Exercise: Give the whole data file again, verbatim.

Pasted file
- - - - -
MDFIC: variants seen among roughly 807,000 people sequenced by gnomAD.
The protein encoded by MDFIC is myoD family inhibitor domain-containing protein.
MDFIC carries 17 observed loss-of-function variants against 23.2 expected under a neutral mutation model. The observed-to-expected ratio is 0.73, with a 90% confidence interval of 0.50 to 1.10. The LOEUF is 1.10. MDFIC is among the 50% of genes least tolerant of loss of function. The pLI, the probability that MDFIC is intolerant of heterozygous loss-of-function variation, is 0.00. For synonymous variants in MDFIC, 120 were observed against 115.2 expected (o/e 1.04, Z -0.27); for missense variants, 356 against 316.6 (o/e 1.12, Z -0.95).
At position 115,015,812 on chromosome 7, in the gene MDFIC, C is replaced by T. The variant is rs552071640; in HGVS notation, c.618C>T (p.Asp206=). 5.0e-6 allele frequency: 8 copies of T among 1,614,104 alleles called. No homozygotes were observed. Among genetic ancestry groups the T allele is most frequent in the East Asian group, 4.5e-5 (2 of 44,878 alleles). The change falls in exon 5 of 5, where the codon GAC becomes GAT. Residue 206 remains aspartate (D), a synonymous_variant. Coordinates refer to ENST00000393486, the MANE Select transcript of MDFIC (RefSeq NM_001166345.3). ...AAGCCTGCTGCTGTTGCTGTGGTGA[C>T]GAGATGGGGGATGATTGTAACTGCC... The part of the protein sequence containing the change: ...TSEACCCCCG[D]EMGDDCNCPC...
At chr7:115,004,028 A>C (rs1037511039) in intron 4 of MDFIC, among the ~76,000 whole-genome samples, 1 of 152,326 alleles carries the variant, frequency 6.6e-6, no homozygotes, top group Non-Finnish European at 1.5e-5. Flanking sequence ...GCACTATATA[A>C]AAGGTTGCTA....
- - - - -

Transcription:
MDFIC: variants seen among roughly 807,000 people sequenced by gnomAD.
The protein encoded by MDFIC is myoD family inhibitor domain-containing protein.
MDFIC carries 17 observed loss-of-function variants against 23.2 expected under a neutral mutation model. The observed-to-expected ratio is 0.73, with a 90% confidence interval of 0.50 to 1.10. The LOEUF is 1.10. MDFIC is among the 50% of genes least tolerant of loss of function. The pLI, the probability that MDFIC is intolerant of heterozygous loss-of-function variation, is 0.00. For synonymous variants in MDFIC, 120 were observed against 115.2 expected (o/e 1.04, Z -0.27); for missense variants, 356 against 316.6 (o/e 1.12, Z -0.95).
At position 115,015,812 on chromosome 7, in the gene MDFIC, C is replaced by T. The variant is rs552071640; in HGVS notation, c.618C>T (p.Asp206=). 5.0e-6 allele frequency: 8 copies of T among 1,614,104 alleles called. No homozygotes were observed. Among genetic ancestry groups the T allele is most frequent in the East Asian group, 4.5e-5 (2 of 44,878 alleles). The change falls in exon 5 of 5, where the codon GAC becomes GAT. Residue 206 remains aspartate (D), a synonymous_variant. Coordinates refer to ENST00000393486, the MANE Select transcript of MDFIC (RefSeq NM_001166345.3). ...AAGCCTGCTGCTGTTGCTGTGGTGA[C>T]GAGATGGGGGATGATTGTAACTGCC... The part of the protein sequence containing the change: ...TSEACCCCCG[D]EMGDDCNCPC...
At chr7:115,004,028 A>C (rs1037511039) in intron 4 of MDFIC, among the ~76,000 whole-genome samples, 1 of 152,326 alleles carries the variant, frequency 6.6e-6, no homozygotes, top group Non-Finnish European at 1.5e-5. Flanking sequence ...GCACTATATA[A>C]AAGGTTGCTA....